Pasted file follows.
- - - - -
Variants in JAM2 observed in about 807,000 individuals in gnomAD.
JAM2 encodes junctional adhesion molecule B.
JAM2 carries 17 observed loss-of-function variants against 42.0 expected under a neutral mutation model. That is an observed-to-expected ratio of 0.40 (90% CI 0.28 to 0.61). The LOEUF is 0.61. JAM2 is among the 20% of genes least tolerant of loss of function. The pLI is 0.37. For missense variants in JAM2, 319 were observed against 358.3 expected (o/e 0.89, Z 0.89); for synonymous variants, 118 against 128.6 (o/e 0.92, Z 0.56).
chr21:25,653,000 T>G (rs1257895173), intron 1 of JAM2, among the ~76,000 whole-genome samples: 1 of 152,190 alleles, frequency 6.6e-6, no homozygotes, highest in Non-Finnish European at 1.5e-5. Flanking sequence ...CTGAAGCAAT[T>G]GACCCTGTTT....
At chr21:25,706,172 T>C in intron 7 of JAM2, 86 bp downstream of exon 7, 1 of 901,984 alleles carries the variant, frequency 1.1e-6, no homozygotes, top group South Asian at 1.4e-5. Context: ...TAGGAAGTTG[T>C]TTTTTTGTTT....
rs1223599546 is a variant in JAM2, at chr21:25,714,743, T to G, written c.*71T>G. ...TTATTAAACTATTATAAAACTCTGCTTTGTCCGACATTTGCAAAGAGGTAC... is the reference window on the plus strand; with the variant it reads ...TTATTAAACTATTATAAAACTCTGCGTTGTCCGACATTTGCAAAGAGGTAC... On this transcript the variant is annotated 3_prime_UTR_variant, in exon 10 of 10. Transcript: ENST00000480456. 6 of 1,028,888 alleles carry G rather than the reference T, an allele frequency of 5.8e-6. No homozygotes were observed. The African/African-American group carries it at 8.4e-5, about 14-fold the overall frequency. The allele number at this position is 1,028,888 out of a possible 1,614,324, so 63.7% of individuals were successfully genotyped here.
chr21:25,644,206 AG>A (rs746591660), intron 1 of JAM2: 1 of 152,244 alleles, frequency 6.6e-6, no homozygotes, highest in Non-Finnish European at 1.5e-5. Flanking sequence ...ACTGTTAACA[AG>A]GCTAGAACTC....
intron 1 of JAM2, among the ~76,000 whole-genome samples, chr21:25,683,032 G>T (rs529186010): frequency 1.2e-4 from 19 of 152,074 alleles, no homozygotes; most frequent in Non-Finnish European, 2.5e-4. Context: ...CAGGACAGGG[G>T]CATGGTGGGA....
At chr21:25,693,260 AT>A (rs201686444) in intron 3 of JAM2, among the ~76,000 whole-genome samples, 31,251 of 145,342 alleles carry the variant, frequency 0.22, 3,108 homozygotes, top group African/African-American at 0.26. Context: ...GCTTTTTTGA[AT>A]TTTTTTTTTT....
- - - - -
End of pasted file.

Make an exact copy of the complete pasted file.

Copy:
Variants in JAM2 observed in about 807,000 individuals in gnomAD.
JAM2 encodes junctional adhesion molecule B.
JAM2 carries 17 observed loss-of-function variants against 42.0 expected under a neutral mutation model. That is an observed-to-expected ratio of 0.40 (90% CI 0.28 to 0.61). The LOEUF is 0.61. JAM2 is among the 20% of genes least tolerant of loss of function. The pLI is 0.37. For missense variants in JAM2, 319 were observed against 358.3 expected (o/e 0.89, Z 0.89); for synonymous variants, 118 against 128.6 (o/e 0.92, Z 0.56).
chr21:25,653,000 T>G (rs1257895173), intron 1 of JAM2, among the ~76,000 whole-genome samples: 1 of 152,190 alleles, frequency 6.6e-6, no homozygotes, highest in Non-Finnish European at 1.5e-5. Flanking sequence ...CTGAAGCAAT[T>G]GACCCTGTTT....
At chr21:25,706,172 T>C in intron 7 of JAM2, 86 bp downstream of exon 7, 1 of 901,984 alleles carries the variant, frequency 1.1e-6, no homozygotes, top group South Asian at 1.4e-5. Context: ...TAGGAAGTTG[T>C]TTTTTTGTTT....
rs1223599546 is a variant in JAM2, at chr21:25,714,743, T to G, written c.*71T>G. ...TTATTAAACTATTATAAAACTCTGCTTTGTCCGACATTTGCAAAGAGGTAC... is the reference window on the plus strand; with the variant it reads ...TTATTAAACTATTATAAAACTCTGCGTTGTCCGACATTTGCAAAGAGGTAC... On this transcript the variant is annotated 3_prime_UTR_variant, in exon 10 of 10. Transcript: ENST00000480456. 6 of 1,028,888 alleles carry G rather than the reference T, an allele frequency of 5.8e-6. No homozygotes were observed. The African/African-American group carries it at 8.4e-5, about 14-fold the overall frequency. The allele number at this position is 1,028,888 out of a possible 1,614,324, so 63.7% of individuals were successfully genotyped here.
chr21:25,644,206 AG>A (rs746591660), intron 1 of JAM2: 1 of 152,244 alleles, frequency 6.6e-6, no homozygotes, highest in Non-Finnish European at 1.5e-5. Flanking sequence ...ACTGTTAACA[AG>A]GCTAGAACTC....
intron 1 of JAM2, among the ~76,000 whole-genome samples, chr21:25,683,032 G>T (rs529186010): frequency 1.2e-4 from 19 of 152,074 alleles, no homozygotes; most frequent in Non-Finnish European, 2.5e-4. Context: ...CAGGACAGGG[G>T]CATGGTGGGA....
At chr21:25,693,260 AT>A (rs201686444) in intron 3 of JAM2, among the ~76,000 whole-genome samples, 31,251 of 145,342 alleles carry the variant, frequency 0.22, 3,108 homozygotes, top group African/African-American at 0.26. Context: ...GCTTTTTTGA[AT>A]TTTTTTTTTT....